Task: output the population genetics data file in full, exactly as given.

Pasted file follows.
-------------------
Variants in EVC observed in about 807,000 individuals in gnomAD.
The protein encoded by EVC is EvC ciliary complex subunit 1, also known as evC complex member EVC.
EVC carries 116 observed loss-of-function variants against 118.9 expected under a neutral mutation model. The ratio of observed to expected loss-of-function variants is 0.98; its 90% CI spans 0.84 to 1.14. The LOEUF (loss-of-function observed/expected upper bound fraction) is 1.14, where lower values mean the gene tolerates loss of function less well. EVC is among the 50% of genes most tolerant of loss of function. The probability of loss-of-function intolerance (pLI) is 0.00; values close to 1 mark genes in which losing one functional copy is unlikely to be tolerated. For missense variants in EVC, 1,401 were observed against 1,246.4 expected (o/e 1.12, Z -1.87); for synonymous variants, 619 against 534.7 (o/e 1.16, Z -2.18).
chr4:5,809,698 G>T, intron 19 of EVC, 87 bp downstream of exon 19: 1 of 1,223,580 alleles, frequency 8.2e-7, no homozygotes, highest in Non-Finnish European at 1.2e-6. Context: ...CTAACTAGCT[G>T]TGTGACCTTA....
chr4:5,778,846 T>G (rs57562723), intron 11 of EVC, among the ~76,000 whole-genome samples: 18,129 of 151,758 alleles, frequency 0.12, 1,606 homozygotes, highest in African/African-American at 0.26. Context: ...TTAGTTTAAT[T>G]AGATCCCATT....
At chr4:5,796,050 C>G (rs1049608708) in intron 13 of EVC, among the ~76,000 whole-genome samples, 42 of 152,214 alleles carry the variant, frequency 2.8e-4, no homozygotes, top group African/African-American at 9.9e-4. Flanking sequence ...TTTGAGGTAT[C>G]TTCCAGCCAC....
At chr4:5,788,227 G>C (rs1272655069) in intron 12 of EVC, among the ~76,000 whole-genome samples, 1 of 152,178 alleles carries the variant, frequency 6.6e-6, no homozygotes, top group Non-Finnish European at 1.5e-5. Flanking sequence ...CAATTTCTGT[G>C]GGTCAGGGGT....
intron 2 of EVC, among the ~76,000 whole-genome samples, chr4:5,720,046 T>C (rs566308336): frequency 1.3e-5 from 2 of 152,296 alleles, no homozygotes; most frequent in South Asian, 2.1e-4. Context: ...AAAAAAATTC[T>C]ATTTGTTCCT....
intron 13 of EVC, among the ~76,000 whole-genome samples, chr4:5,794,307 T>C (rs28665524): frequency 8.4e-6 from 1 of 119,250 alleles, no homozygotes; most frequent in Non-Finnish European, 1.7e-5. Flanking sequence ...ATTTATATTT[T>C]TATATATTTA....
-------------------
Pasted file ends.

Variants in EVC observed in about 807,000 individuals in gnomAD.
The protein encoded by EVC is EvC ciliary complex subunit 1, also known as evC complex member EVC.
EVC carries 116 observed loss-of-function variants against 118.9 expected under a neutral mutation model. The ratio of observed to expected loss-of-function variants is 0.98; its 90% CI spans 0.84 to 1.14. The LOEUF (loss-of-function observed/expected upper bound fraction) is 1.14, where lower values mean the gene tolerates loss of function less well. EVC is among the 50% of genes most tolerant of loss of function. The probability of loss-of-function intolerance (pLI) is 0.00; values close to 1 mark genes in which losing one functional copy is unlikely to be tolerated. For missense variants in EVC, 1,401 were observed against 1,246.4 expected (o/e 1.12, Z -1.87); for synonymous variants, 619 against 534.7 (o/e 1.16, Z -2.18).
chr4:5,809,698 G>T, intron 19 of EVC, 87 bp downstream of exon 19: 1 of 1,223,580 alleles, frequency 8.2e-7, no homozygotes, highest in Non-Finnish European at 1.2e-6. Context: ...CTAACTAGCT[G>T]TGTGACCTTA....
chr4:5,778,846 T>G (rs57562723), intron 11 of EVC, among the ~76,000 whole-genome samples: 18,129 of 151,758 alleles, frequency 0.12, 1,606 homozygotes, highest in African/African-American at 0.26. Context: ...TTAGTTTAAT[T>G]AGATCCCATT....
At chr4:5,796,050 C>G (rs1049608708) in intron 13 of EVC, among the ~76,000 whole-genome samples, 42 of 152,214 alleles carry the variant, frequency 2.8e-4, no homozygotes, top group African/African-American at 9.9e-4. Flanking sequence ...TTTGAGGTAT[C>G]TTCCAGCCAC....
At chr4:5,788,227 G>C (rs1272655069) in intron 12 of EVC, among the ~76,000 whole-genome samples, 1 of 152,178 alleles carries the variant, frequency 6.6e-6, no homozygotes, top group Non-Finnish European at 1.5e-5. Flanking sequence ...CAATTTCTGT[G>C]GGTCAGGGGT....
intron 2 of EVC, among the ~76,000 whole-genome samples, chr4:5,720,046 T>C (rs566308336): frequency 1.3e-5 from 2 of 152,296 alleles, no homozygotes; most frequent in South Asian, 2.1e-4. Context: ...AAAAAAATTC[T>C]ATTTGTTCCT....
intron 13 of EVC, among the ~76,000 whole-genome samples, chr4:5,794,307 T>C (rs28665524): frequency 8.4e-6 from 1 of 119,250 alleles, no homozygotes; most frequent in Non-Finnish European, 1.7e-5. Flanking sequence ...ATTTATATTT[T>C]TATATATTTA....